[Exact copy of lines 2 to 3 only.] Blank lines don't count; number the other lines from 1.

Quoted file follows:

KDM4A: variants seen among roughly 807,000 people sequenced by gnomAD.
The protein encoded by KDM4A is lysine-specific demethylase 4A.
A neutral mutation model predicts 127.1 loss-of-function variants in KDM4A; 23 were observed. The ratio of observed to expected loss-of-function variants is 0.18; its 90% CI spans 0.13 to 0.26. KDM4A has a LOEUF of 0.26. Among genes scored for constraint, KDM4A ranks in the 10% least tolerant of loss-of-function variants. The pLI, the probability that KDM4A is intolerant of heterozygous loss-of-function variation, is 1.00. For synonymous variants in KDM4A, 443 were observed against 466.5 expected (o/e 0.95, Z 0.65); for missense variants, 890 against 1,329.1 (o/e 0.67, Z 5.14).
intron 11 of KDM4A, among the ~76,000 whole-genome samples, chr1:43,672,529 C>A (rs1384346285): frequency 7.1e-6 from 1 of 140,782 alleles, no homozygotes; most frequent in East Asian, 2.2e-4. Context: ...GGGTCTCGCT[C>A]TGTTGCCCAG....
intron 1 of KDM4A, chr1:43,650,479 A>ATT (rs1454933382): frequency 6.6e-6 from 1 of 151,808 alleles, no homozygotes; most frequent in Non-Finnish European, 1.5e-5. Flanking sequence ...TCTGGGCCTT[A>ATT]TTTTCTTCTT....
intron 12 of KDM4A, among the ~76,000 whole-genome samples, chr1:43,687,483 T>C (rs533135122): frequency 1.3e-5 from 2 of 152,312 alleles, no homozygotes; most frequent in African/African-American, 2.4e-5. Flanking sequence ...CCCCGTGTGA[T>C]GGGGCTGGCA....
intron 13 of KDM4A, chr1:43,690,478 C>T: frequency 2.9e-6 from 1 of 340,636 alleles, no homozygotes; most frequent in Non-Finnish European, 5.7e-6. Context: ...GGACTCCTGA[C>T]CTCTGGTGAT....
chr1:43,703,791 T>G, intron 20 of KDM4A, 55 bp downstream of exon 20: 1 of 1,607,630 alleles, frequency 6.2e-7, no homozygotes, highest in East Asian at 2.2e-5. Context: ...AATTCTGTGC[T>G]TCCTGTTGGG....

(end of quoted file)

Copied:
The protein encoded by KDM4A is lysine-specific demethylase 4A.
A neutral mutation model predicts 127.1 loss-of-function variants in KDM4A; 23 were observed. The ratio of observed to expected loss-of-function variants is 0.18; its 90% CI spans 0.13 to 0.26. KDM4A has a LOEUF of 0.26. Among genes scored for constraint, KDM4A ranks in the 10% least tolerant of loss-of-function variants. The pLI, the probability that KDM4A is intolerant of heterozygous loss-of-function variation, is 1.00. For synonymous variants in KDM4A, 443 were observed against 466.5 expected (o/e 0.95, Z 0.65); for missense variants, 890 against 1,329.1 (o/e 0.67, Z 5.14).